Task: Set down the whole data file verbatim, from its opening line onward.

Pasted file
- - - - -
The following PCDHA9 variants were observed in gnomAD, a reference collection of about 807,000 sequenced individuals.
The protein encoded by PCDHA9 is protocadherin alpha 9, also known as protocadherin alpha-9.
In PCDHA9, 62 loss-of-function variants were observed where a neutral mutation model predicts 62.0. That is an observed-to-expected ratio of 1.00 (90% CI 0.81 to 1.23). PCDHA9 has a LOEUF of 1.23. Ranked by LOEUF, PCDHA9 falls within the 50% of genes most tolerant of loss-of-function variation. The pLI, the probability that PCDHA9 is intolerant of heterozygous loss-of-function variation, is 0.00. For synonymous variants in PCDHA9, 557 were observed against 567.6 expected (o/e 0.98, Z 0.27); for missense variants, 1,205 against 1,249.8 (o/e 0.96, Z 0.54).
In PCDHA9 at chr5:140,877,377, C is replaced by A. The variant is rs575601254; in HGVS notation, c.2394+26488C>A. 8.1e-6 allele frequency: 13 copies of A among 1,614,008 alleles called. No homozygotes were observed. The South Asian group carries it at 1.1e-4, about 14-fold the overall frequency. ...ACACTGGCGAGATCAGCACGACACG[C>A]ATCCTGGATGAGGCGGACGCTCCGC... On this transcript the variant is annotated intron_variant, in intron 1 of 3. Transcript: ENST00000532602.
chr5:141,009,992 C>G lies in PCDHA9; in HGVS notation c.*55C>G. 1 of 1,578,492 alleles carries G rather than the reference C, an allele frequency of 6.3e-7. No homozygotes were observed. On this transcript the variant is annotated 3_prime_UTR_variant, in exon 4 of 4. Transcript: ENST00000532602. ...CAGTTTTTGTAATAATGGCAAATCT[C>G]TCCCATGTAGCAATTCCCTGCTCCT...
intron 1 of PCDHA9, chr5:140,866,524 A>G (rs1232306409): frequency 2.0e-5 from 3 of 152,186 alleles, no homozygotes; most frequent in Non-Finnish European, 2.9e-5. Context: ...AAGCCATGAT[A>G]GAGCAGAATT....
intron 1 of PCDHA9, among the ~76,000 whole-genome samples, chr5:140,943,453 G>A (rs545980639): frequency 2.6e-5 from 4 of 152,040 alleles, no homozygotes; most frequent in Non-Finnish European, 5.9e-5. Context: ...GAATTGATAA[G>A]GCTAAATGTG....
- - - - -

The following PCDHA9 variants were observed in gnomAD, a reference collection of about 807,000 sequenced individuals.
The protein encoded by PCDHA9 is protocadherin alpha 9, also known as protocadherin alpha-9.
In PCDHA9, 62 loss-of-function variants were observed where a neutral mutation model predicts 62.0. That is an observed-to-expected ratio of 1.00 (90% CI 0.81 to 1.23). PCDHA9 has a LOEUF of 1.23. Ranked by LOEUF, PCDHA9 falls within the 50% of genes most tolerant of loss-of-function variation. The pLI, the probability that PCDHA9 is intolerant of heterozygous loss-of-function variation, is 0.00. For synonymous variants in PCDHA9, 557 were observed against 567.6 expected (o/e 0.98, Z 0.27); for missense variants, 1,205 against 1,249.8 (o/e 0.96, Z 0.54).
In PCDHA9 at chr5:140,877,377, C is replaced by A. The variant is rs575601254; in HGVS notation, c.2394+26488C>A. 8.1e-6 allele frequency: 13 copies of A among 1,614,008 alleles called. No homozygotes were observed. The South Asian group carries it at 1.1e-4, about 14-fold the overall frequency. ...ACACTGGCGAGATCAGCACGACACG[C>A]ATCCTGGATGAGGCGGACGCTCCGC... On this transcript the variant is annotated intron_variant, in intron 1 of 3. Transcript: ENST00000532602.
chr5:141,009,992 C>G lies in PCDHA9; in HGVS notation c.*55C>G. 1 of 1,578,492 alleles carries G rather than the reference C, an allele frequency of 6.3e-7. No homozygotes were observed. On this transcript the variant is annotated 3_prime_UTR_variant, in exon 4 of 4. Transcript: ENST00000532602. ...CAGTTTTTGTAATAATGGCAAATCT[C>G]TCCCATGTAGCAATTCCCTGCTCCT...
intron 1 of PCDHA9, chr5:140,866,524 A>G (rs1232306409): frequency 2.0e-5 from 3 of 152,186 alleles, no homozygotes; most frequent in Non-Finnish European, 2.9e-5. Context: ...AAGCCATGAT[A>G]GAGCAGAATT....
intron 1 of PCDHA9, among the ~76,000 whole-genome samples, chr5:140,943,453 G>A (rs545980639): frequency 2.6e-5 from 4 of 152,040 alleles, no homozygotes; most frequent in Non-Finnish European, 5.9e-5. Context: ...GAATTGATAA[G>A]GCTAAATGTG....